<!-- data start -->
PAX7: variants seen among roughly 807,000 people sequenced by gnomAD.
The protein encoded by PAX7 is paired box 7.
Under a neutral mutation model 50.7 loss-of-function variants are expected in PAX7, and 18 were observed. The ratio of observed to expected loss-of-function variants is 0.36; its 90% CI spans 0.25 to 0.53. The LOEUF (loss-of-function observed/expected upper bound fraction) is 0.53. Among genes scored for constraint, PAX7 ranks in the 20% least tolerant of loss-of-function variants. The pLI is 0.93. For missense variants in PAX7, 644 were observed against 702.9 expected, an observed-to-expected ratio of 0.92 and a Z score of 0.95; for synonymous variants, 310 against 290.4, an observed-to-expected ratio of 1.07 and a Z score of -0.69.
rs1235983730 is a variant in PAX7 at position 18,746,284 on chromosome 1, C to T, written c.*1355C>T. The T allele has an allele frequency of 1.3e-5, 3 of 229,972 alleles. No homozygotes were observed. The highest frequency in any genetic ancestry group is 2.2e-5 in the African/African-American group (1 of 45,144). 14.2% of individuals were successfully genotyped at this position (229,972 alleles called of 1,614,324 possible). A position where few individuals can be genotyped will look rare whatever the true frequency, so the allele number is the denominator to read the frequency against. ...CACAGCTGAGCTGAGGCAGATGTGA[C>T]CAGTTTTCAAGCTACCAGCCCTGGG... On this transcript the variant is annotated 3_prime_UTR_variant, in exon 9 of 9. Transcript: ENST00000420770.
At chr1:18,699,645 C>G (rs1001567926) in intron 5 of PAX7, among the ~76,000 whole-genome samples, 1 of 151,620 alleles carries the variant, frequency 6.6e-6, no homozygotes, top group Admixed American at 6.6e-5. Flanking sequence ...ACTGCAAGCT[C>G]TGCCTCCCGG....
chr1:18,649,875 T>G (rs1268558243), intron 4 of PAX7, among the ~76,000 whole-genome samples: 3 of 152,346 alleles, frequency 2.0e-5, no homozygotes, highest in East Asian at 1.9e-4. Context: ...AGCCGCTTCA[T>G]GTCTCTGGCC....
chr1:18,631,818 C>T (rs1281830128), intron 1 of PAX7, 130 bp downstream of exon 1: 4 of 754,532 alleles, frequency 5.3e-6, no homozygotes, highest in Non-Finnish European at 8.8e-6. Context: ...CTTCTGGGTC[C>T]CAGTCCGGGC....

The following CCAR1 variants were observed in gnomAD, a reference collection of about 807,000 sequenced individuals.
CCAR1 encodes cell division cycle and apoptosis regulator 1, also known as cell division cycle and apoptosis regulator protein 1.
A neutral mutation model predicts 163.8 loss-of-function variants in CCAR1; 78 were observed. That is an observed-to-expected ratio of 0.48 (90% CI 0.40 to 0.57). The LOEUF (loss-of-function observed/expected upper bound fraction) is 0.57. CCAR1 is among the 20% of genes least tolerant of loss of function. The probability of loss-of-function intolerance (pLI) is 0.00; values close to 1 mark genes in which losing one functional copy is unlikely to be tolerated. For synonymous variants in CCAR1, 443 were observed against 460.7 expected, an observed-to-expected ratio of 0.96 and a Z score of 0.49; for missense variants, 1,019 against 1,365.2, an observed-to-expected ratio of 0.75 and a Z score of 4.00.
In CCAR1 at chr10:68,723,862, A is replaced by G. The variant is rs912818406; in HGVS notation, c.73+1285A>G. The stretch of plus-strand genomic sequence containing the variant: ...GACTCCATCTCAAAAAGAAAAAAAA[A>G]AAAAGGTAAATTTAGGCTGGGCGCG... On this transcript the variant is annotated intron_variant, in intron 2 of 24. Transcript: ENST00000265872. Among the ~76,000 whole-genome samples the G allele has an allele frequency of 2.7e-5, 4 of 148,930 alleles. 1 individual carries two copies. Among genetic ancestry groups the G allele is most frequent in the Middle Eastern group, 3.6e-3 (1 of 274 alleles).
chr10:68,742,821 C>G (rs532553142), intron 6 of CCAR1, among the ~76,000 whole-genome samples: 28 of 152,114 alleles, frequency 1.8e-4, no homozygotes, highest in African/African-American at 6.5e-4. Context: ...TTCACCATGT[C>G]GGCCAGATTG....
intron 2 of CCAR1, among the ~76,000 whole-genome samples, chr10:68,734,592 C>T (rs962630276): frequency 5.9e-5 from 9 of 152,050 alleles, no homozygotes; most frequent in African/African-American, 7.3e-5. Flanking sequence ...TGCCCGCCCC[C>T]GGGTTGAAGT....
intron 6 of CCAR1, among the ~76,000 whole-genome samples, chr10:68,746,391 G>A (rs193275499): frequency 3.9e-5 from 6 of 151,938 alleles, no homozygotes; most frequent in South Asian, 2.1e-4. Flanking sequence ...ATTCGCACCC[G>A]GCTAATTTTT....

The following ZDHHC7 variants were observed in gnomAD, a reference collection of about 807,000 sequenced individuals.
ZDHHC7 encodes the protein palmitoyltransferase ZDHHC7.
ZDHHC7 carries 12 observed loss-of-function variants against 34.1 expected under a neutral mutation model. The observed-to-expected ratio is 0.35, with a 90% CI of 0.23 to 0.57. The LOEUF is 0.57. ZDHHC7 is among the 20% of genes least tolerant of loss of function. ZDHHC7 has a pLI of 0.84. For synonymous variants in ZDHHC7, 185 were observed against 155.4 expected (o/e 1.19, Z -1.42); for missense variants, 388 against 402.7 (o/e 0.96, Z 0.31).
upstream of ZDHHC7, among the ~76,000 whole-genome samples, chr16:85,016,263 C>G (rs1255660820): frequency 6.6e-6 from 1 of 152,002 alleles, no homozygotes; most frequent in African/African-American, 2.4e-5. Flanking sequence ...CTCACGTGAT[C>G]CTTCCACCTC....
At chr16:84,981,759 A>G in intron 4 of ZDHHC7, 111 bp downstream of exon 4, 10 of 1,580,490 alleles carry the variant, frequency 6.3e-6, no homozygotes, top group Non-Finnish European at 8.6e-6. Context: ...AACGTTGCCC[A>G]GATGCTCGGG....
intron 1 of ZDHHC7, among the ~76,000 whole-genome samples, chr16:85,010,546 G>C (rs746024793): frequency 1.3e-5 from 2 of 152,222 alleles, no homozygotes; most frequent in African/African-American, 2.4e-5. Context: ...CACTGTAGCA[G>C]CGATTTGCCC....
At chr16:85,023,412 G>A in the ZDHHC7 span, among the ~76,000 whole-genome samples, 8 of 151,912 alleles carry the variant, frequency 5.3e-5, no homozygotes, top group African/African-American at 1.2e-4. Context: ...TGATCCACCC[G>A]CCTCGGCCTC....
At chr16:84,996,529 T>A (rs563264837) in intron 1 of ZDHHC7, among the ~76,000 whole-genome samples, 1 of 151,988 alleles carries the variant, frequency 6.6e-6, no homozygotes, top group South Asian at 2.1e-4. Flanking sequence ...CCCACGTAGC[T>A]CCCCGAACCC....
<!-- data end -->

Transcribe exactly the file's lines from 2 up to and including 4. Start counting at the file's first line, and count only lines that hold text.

The protein encoded by PAX7 is paired box 7.
Under a neutral mutation model 50.7 loss-of-function variants are expected in PAX7, and 18 were observed. The ratio of observed to expected loss-of-function variants is 0.36; its 90% CI spans 0.25 to 0.53. The LOEUF (loss-of-function observed/expected upper bound fraction) is 0.53. Among genes scored for constraint, PAX7 ranks in the 20% least tolerant of loss-of-function variants. The pLI is 0.93. For missense variants in PAX7, 644 were observed against 702.9 expected, an observed-to-expected ratio of 0.92 and a Z score of 0.95; for synonymous variants, 310 against 290.4, an observed-to-expected ratio of 1.07 and a Z score of -0.69.
rs1235983730 is a variant in PAX7 at position 18,746,284 on chromosome 1, C to T, written c.*1355C>T. The T allele has an allele frequency of 1.3e-5, 3 of 229,972 alleles. No homozygotes were observed. The highest frequency in any genetic ancestry group is 2.2e-5 in the African/African-American group (1 of 45,144). 14.2% of individuals were successfully genotyped at this position (229,972 alleles called of 1,614,324 possible). A position where few individuals can be genotyped will look rare whatever the true frequency, so the allele number is the denominator to read the frequency against. ...CACAGCTGAGCTGAGGCAGATGTGA[C>T]CAGTTTTCAAGCTACCAGCCCTGGG... On this transcript the variant is annotated 3_prime_UTR_variant, in exon 9 of 9. Transcript: ENST00000420770.